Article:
Priming as a Teaching Strategy: Definition & Examples

Instructor: Abigail Cook
Teachers usually know before they present a lesson how certain students will react. Some students, who need routine and predictability, are more successful when they are prepared for what's coming. Let's look at a strategy called priming and how it may be implemented in your classroom.


Brian is a fourth grade student in Ms. Marvel's class. He has been diagnosed with high-functioning Autism, and often needs additional academic supports to help him through certain activities. Brian enjoys learning about dinosaurs, cars, and reptiles. He is able to keep up with his peers in math, but has trouble with reading and writing.

Ms. Marvel understands that structure, routine, and predictability are important for Brian to succeed. He becomes anxious when the class schedule changes or when new material is being presented. For these reasons, Ms. Marvel has decided to build a teaching technique called priming into her lesson plans.

Priming involves introducing new material before the lesson occurs. It is a way to prepare students for an activity with which they usually have difficulty. This often happens the day or morning before the lesson and can be done with one student or as a class. Sometimes, teachers prime students right before their lesson, like when they show students pictures from a book they are about to read. Priming is an effective strategy for several different reasons:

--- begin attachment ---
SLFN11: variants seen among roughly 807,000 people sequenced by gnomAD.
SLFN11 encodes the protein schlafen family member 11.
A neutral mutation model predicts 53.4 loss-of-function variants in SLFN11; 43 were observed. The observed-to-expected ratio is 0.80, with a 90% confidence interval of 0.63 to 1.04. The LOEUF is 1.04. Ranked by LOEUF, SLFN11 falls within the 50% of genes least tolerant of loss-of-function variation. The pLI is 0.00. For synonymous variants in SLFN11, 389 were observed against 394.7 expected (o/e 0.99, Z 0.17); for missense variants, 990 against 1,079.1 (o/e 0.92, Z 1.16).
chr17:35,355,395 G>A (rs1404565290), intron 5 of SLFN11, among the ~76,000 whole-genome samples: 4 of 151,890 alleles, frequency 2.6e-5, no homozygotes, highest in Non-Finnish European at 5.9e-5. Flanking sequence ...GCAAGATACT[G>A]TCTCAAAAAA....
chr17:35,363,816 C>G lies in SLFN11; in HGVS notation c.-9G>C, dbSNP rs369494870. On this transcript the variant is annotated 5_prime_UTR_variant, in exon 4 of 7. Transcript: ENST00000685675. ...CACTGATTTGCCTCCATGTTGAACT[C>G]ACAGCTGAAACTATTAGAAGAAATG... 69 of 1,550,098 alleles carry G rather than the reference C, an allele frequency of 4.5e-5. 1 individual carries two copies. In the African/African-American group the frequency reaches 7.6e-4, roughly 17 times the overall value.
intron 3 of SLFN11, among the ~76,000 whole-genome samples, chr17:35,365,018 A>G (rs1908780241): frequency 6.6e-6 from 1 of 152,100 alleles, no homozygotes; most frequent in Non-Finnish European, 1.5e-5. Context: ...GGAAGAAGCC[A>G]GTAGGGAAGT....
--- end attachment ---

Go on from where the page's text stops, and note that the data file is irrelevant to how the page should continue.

• It reduces anxiety for students who need predictability.
  • It often results in higher achievement in learning.
  • It can be done quickly and with little preparation.
  • It helps students transition from one activity to another.

Priming in the Classroom

Keep in mind, while priming is effective for students with Autism, it has also been proven to be effective for students with and without a variety of disabilities. Many teachers build priming into their lessons for the entire class.

Sometimes teachers do the priming, and other times a peer may be trained to prime another student in his or her class. It is up to you, as the teacher, to determine how the following examples may be applied in your classroom.

Examples of Priming

Let's look at some specific ways Ms. Marvel implements priming in her classroom.

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